Meningitis B vaccine agreed for babies in Wales
A vaccine for meningitis B will be made available for all babies in Wales, the Welsh government has confirmed.
It follows a deal made by the UK government on behalf of the devolved governments with the drug manufacturer GlaxoSmithKline.
Government advisers said in 2014 that every child over two months old should be given the vaccine but negotiations over costs delayed the process.
Welsh ministers plan to introduce it "as soon as practicable."
The drug will now be added to the national childhood immunisation scheme, meaning babies will receive the first vaccine at two months old, followed by two further doses.
Meningitis B is a bacterial infection that particularly affects children under the age of one. It commonly affects children under five years of age and is also common among teenagers aged 15-19.
There are about 1,870 cases of meningitis B each year in the UK and it is fatal about 10% of the time.
About one in four of those who survive is left with long-term problems, such as amputation, deafness, epilepsy and learning difficulties.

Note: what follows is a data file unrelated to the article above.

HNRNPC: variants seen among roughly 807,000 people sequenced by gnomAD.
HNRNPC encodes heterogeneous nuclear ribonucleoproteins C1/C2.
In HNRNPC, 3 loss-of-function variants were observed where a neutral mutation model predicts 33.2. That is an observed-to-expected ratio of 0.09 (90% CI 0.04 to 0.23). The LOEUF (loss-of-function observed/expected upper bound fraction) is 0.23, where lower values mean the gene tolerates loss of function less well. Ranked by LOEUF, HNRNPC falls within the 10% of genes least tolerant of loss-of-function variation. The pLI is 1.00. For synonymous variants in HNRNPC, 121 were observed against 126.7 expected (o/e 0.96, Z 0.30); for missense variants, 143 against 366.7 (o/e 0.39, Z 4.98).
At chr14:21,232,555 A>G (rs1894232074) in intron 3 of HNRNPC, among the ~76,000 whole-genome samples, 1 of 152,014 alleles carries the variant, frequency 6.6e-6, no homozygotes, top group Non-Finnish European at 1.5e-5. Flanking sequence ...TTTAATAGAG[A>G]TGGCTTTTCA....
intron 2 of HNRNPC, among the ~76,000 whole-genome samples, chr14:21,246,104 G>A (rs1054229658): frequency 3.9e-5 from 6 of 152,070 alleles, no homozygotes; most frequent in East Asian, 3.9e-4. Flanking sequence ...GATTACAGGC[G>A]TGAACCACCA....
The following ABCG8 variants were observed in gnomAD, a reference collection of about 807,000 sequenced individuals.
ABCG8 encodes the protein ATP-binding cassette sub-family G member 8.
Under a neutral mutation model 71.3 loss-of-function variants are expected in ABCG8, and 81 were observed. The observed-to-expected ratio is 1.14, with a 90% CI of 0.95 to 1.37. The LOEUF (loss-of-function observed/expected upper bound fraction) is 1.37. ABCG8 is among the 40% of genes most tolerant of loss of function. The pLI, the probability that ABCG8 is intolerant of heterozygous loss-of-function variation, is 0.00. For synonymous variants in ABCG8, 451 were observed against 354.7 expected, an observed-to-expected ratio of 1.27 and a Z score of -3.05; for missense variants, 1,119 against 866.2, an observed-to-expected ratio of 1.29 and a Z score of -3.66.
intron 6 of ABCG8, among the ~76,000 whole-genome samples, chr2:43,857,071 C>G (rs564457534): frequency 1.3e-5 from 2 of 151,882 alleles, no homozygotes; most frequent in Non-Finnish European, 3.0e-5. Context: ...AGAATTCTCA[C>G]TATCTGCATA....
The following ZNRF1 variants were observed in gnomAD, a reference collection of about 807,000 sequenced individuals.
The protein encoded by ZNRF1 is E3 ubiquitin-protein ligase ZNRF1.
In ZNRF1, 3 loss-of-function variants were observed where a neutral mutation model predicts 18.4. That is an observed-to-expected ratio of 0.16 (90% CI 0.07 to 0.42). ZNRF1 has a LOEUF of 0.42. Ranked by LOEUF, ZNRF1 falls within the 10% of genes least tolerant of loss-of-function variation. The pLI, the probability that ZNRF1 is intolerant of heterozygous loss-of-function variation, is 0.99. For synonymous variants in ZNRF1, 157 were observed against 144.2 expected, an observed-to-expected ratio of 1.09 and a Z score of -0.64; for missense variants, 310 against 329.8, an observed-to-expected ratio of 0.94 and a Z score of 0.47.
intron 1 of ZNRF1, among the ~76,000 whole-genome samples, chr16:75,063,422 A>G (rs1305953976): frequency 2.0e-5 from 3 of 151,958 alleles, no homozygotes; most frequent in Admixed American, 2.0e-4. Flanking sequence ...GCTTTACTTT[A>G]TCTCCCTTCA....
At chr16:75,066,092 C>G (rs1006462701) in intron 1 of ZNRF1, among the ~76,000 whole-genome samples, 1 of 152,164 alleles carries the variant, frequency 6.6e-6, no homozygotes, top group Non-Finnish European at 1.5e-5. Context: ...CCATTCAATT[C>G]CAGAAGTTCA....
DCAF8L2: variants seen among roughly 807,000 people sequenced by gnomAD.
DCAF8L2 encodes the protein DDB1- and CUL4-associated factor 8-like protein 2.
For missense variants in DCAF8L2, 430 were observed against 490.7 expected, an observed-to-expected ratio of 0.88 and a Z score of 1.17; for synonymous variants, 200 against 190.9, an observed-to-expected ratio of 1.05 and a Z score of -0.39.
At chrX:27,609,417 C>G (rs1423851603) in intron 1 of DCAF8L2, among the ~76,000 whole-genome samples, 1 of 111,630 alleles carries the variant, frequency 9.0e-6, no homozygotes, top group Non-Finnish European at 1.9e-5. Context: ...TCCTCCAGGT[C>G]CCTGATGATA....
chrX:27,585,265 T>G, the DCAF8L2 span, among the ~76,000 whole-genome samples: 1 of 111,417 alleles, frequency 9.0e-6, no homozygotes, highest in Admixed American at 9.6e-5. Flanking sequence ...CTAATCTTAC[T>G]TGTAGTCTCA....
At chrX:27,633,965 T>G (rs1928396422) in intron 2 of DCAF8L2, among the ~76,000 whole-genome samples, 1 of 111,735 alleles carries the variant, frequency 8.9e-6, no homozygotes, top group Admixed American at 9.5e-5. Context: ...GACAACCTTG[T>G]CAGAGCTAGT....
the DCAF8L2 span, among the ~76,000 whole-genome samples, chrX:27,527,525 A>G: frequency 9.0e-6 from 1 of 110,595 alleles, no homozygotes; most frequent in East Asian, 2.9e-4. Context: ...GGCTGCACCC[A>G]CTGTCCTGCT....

After announcing the deal, UK Health Secretary Jeremy Hunt said the vaccine will be available on the NHS "this year".
A Welsh government spokesman added: "The Welsh government has committed to being included in the UK-wide procurement for the vaccine, and to making the vaccination available in Wales as soon as practicable."
What is meningitis?
- Meningitis is an infection of the meninges - the membrane that surrounds the brain and spinal cord
- Meningococcal bacteria are common and carried harmlessly in the nose or throat by about one in 10 people
- They are passed on through close contact
- Anyone can get meningitis but babies and young children are most vulnerable
- Symptoms include a high fever with cold hands and feet, agitation, confusion, vomiting and headaches